Practitioners, pedagogies and professionalism in English for Academic Purposes (EAP): the development of a contested field

Bell, Douglas E. (2016) Practitioners, pedagogies and professionalism in English for Academic Purposes (EAP): the development of a contested field. PhD thesis, University of Nottingham.

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Abstract

This thesis examines key developments and changes which have taken place within the field of English for Academic Purposes (EAP) from the 1960s until the present day. It critically evaluates the effects that these developments have had on EAP as an academic discipline; on the positioning and status of EAP within the academy; and on the work carried out by EAP practitioners, particularly with regard to conceptualizations of professionalism, and understandings of what constitutes practitioner expertise.

Drawing on qualitative data generated from in-depth semi-structured interviews with 15 internationally-recognised scholars from EAP, the study presents a particular history of the different stages and developments which have occurred in EAP, and maps how these have impacted not only upon EAP as a discipline, but also upon the work of its practitioners.

Grounded in a series of narratives provided by individuals recognized for their key contributions to the field, the analysis utilizes ideas from socio-cultural theories developed by Becher (1989), Bernstein (1971) and Bourdieu (1977) to account for EAP’s current status and positioning in the academy. It then draws on theoretical concepts developed by Shulman (1986), Schön (1983), and Lave and Wenger (1991) to suggest ways in which EAP teachers build their knowledge and go about developing their particular professional expertise.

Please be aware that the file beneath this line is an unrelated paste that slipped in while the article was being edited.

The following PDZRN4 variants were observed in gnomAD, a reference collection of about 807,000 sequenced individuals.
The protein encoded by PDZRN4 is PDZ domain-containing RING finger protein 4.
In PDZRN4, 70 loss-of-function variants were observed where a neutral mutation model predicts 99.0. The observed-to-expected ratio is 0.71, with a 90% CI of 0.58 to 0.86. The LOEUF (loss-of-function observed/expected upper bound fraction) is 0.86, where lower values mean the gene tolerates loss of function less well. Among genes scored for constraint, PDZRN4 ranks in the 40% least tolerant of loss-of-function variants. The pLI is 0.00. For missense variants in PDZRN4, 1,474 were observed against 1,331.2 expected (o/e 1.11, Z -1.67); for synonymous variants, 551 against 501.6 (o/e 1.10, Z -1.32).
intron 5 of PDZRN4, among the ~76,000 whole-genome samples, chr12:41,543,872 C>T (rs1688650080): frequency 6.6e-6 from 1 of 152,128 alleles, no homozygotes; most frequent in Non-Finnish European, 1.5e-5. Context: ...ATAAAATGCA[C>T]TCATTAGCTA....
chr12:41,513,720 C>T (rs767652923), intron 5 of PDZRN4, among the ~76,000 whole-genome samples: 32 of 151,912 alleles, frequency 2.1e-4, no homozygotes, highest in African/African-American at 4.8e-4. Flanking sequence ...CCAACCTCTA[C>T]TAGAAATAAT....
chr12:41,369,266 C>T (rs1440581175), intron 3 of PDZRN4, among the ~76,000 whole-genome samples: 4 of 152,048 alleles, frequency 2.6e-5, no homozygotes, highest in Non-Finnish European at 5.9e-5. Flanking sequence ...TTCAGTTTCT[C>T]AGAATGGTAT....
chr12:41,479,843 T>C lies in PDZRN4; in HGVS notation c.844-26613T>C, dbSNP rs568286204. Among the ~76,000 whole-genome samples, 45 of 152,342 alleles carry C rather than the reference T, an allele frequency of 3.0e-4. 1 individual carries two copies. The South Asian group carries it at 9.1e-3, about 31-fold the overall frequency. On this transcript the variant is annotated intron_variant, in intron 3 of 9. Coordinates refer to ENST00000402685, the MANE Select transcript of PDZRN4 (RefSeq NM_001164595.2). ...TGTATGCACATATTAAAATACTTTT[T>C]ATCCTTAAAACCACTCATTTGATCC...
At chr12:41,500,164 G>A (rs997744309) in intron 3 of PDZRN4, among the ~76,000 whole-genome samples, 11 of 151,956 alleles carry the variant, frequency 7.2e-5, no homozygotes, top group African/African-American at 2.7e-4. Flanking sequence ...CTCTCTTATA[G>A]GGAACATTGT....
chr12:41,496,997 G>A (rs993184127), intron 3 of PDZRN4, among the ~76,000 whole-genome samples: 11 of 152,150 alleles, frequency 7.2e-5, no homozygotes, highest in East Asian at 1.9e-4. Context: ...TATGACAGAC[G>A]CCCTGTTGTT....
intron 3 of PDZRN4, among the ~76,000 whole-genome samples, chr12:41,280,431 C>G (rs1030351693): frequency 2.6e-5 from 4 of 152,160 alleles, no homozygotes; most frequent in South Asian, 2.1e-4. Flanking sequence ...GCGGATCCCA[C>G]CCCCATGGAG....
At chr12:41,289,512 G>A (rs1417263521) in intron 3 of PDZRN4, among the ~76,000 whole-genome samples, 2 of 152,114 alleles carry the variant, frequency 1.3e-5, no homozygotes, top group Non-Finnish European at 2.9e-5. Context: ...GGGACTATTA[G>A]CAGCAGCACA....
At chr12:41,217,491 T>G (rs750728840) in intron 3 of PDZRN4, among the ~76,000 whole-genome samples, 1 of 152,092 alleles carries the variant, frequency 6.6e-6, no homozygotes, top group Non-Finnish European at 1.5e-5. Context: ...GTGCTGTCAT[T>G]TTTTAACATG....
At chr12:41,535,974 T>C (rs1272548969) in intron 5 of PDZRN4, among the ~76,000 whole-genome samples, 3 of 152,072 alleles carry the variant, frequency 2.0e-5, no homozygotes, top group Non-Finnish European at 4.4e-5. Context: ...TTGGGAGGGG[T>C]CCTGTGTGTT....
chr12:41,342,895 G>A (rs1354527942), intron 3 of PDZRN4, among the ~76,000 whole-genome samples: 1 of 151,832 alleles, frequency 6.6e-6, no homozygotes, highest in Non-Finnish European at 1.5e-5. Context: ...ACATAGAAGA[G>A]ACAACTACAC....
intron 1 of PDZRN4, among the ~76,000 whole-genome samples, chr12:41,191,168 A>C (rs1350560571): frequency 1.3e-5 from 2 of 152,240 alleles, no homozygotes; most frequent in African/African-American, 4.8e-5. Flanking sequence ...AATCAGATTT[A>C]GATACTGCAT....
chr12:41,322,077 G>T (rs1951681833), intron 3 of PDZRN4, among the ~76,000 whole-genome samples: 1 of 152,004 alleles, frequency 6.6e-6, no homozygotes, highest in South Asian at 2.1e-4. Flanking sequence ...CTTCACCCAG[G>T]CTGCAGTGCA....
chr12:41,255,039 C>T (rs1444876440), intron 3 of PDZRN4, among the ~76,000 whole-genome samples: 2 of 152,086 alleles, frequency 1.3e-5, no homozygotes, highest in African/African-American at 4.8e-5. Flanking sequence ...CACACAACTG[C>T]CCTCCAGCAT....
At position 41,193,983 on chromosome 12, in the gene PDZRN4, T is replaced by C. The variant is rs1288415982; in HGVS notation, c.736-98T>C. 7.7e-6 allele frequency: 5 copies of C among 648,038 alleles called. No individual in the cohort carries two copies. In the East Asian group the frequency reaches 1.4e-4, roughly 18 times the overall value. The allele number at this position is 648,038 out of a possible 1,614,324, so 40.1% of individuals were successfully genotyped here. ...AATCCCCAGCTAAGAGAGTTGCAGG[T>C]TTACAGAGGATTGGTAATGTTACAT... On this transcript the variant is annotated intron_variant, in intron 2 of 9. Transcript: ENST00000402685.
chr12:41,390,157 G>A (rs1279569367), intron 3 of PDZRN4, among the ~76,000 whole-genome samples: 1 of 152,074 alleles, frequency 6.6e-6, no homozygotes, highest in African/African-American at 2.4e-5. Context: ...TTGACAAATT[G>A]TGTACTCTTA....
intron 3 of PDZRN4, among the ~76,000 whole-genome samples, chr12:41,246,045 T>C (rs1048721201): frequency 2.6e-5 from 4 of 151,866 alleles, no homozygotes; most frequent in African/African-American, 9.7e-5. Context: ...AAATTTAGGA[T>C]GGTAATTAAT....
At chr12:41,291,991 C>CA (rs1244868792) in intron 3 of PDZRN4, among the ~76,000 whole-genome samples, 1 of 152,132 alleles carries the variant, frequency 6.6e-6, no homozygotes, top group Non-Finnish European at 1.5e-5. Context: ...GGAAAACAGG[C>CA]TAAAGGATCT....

The thesis proposes that EAP has now reached an important crossroads in its development. It argues that factors such as a poor appreciation for and understanding of EAP from within the academy at large; a lack of clarity and consistency around professional standards and teacher development within EAP itself; the current marketization of UK higher education and the resulting influx of private educational providers seriously threaten the longer-term security and future development of EAP within UK university contexts.

Item Type: Thesis (University of Nottingham only) (PhD)
Supervisors: Hall, Christine
Noyes, Andrew
Keywords: EAP, expertise, academic status, professionalism, teacher life histories, academic tribes and territories, classification and framing, the pedagogic code, habitus, field, capital, teacher knowledge, teacher training and professional development, teacher competencies, the reflective practitioner, legitimate peripheral participation, private providers
Subjects: P Language and literature > PE English
Faculties/Schools: UK Campuses > Faculty of Social Sciences, Law and Education > School of Education
Item ID: 38570
Depositing User: Bell, Douglas
Date Deposited: 15 Dec 2016 06:40
Last Modified: 03 Nov 2017 09:34
URI: http://eprints.nottingham.ac.uk/id/eprint/38570

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